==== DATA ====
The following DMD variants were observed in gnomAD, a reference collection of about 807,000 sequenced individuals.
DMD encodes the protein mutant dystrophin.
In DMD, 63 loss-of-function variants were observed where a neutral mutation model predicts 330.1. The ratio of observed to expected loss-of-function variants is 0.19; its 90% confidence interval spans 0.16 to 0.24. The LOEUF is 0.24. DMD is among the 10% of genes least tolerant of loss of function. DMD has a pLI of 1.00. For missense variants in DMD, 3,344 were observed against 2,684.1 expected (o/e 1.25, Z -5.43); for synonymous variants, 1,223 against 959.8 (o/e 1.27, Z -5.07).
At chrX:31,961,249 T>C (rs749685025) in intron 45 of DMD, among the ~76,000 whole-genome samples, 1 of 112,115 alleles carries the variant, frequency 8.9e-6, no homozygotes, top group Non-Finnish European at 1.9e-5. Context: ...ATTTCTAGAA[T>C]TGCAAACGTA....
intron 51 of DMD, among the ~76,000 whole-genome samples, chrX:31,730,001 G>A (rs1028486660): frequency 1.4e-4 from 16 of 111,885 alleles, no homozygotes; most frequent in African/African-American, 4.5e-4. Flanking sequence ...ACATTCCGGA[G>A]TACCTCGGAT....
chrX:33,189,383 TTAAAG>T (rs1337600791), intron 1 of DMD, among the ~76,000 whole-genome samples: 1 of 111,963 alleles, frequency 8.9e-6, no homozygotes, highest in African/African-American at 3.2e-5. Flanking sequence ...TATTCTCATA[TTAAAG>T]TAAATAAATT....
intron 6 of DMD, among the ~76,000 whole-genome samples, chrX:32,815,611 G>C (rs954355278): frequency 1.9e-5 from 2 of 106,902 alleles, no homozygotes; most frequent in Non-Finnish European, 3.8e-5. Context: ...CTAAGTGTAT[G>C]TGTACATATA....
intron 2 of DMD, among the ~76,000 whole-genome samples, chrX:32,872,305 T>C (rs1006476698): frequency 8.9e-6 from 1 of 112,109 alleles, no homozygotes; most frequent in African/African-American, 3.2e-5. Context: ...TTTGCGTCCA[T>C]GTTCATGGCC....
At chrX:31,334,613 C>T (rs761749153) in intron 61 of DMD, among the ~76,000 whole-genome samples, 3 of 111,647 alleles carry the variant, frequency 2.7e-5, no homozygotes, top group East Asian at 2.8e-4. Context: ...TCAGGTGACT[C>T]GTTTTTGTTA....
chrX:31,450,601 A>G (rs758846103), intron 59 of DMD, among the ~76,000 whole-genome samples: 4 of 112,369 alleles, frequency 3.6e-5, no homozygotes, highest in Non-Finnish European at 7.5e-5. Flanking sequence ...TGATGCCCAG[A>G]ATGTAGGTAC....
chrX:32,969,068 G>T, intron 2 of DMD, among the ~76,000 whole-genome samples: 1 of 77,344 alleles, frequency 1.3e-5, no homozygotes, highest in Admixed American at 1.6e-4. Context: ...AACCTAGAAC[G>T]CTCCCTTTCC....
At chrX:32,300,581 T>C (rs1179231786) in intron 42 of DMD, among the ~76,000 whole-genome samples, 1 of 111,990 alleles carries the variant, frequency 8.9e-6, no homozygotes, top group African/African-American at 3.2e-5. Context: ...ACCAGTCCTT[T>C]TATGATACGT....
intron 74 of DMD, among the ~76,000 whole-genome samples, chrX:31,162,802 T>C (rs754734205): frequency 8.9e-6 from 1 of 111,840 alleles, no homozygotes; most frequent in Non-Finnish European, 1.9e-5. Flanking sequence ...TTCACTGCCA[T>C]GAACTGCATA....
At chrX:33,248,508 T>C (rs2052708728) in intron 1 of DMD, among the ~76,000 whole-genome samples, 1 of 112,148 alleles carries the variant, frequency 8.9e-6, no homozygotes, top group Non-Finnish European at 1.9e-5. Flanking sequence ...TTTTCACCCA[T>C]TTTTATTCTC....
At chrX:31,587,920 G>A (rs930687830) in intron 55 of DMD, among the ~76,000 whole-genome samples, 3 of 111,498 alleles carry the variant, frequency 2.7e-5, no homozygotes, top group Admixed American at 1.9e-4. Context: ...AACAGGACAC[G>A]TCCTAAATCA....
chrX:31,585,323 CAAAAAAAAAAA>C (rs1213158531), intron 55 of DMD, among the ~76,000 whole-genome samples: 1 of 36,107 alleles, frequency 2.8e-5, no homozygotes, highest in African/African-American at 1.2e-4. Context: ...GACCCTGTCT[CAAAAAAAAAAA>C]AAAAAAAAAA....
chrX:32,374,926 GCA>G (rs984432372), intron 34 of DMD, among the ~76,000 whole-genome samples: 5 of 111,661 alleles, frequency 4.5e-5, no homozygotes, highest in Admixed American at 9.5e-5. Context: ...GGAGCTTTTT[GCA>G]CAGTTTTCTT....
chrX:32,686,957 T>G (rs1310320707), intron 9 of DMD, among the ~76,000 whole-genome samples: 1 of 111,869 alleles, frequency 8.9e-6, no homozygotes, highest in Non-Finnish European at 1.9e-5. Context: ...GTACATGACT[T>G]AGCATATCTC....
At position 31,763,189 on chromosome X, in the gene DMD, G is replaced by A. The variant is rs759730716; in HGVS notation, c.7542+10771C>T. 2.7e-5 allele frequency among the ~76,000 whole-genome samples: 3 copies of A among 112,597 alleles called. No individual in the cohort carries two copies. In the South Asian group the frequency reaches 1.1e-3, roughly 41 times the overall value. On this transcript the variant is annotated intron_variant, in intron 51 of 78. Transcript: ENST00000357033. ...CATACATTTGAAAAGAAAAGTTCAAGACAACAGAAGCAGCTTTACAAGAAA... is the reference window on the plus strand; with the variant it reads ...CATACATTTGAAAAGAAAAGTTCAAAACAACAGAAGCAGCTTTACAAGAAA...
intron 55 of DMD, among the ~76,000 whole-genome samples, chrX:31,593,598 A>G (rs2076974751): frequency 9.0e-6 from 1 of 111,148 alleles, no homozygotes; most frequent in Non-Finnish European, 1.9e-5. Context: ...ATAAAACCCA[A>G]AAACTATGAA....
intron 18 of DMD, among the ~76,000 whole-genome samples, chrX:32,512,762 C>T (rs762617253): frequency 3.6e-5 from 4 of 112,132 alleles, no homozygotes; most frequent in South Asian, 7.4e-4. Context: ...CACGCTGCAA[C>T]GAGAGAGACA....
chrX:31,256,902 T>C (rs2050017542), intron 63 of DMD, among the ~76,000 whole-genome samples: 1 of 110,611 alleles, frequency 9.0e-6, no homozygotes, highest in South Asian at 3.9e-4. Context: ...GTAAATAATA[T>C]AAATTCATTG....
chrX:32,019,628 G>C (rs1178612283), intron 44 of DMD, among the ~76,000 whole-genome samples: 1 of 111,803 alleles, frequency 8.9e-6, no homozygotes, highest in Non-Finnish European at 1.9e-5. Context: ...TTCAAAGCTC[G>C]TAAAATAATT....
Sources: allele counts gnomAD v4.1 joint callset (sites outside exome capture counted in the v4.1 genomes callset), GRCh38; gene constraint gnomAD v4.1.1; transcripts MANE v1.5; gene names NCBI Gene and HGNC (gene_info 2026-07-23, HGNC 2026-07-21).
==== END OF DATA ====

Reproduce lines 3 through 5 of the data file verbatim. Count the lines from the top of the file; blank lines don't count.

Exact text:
In DMD, 63 loss-of-function variants were observed where a neutral mutation model predicts 330.1. The ratio of observed to expected loss-of-function variants is 0.19; its 90% confidence interval spans 0.16 to 0.24. The LOEUF is 0.24. DMD is among the 10% of genes least tolerant of loss of function. DMD has a pLI of 1.00. For missense variants in DMD, 3,344 were observed against 2,684.1 expected (o/e 1.25, Z -5.43); for synonymous variants, 1,223 against 959.8 (o/e 1.27, Z -5.07).
At chrX:31,961,249 T>C (rs749685025) in intron 45 of DMD, among the ~76,000 whole-genome samples, 1 of 112,115 alleles carries the variant, frequency 8.9e-6, no homozygotes, top group Non-Finnish European at 1.9e-5. Context: ...ATTTCTAGAA[T>C]TGCAAACGTA....
intron 51 of DMD, among the ~76,000 whole-genome samples, chrX:31,730,001 G>A (rs1028486660): frequency 1.4e-4 from 16 of 111,885 alleles, no homozygotes; most frequent in African/African-American, 4.5e-4. Flanking sequence ...ACATTCCGGA[G>A]TACCTCGGAT....